Children with good sleep habits settle at school
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Study shows self-soothers make solid students

Sleeping baby

Researchers have discovered strong evidence to suggest that children who develop good sleep behaviour before the age of five are more likely to settle in at school.

The study, entitled Growing up in Australia: The Longitudinal Study of Australian Children (LSAC), was undertaken by Dr Kate Williams of Queensland University of Technology’s (QUT) Faculty of Education. The study incorporates a sample of 2,880 children.

The findings reveal that one in three children have increasing issues with sleep from birth to the age of five, which heightens the risk of emotional and behavioural issues at school, as well as putting the at risk of attention deficit disorders.

Dr Williams highlights the fact that “it’s vital to get children’s sleep behaviours right by the time they turn five”.

“We now know 70 per cent of children are regulating their own sleep by five years but for the remaining third it may be detrimental to them developmentally over time.”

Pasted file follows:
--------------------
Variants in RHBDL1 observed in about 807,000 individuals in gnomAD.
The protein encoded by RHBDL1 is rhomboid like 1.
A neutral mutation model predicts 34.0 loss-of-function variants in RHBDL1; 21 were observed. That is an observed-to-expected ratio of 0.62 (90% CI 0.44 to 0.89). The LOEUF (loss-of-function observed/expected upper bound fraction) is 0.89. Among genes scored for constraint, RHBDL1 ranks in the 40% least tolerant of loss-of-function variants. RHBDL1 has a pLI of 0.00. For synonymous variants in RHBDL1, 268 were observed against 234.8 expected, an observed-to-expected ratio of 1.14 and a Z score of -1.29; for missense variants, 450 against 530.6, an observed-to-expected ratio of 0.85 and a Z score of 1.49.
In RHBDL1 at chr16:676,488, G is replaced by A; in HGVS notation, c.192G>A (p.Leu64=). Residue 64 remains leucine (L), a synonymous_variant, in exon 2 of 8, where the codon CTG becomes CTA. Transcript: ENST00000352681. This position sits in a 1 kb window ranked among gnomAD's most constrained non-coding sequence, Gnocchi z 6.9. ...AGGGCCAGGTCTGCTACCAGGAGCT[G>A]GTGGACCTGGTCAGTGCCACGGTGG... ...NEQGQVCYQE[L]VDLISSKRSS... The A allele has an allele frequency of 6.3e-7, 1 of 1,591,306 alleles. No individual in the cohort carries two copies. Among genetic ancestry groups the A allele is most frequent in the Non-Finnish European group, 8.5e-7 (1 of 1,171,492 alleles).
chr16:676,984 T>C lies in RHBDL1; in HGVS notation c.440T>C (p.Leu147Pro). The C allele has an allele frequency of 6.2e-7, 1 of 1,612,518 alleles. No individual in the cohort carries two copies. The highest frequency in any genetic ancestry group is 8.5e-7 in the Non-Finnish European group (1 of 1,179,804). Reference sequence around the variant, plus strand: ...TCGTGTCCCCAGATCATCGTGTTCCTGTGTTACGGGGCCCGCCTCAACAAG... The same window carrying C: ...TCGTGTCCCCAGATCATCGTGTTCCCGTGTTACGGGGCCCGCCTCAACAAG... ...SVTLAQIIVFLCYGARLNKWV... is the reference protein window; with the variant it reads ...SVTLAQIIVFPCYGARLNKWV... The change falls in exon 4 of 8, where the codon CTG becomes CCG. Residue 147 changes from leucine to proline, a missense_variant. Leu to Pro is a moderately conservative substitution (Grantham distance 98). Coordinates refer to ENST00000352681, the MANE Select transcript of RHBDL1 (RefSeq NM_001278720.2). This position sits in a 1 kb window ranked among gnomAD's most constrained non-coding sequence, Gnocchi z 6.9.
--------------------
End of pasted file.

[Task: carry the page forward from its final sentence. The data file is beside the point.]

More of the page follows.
Analysing the sleep behaviour of children born in 2004 until the age of six or seven, Dr Williams asked motheers to report on any sleep, emotional and attention problems, while teachers were asked to report on social-emotional adjustment in the school environment.

The research is therefore unique in its scope and sample size examined.

The results found that children found to have escalating sleep problems in early childhood were more like to have teacher-reported hyperactivity, poorer classroom self-regulation and emotional outbursts.

According to Dr Williams, more than 85 per vcent of families use a child care or preschool service, which represents an opportunity to create better awareness about good sleep behaviour before children start school.

“Parents can withdraw some habits, like lying with children over and over, letting them into their bed, it’s really important to give children a sense of skill so they can do these things themselves,” she said.

The findings build on prior QUT research that linked mandatory daytime naps in child care centres to sleep problems later on.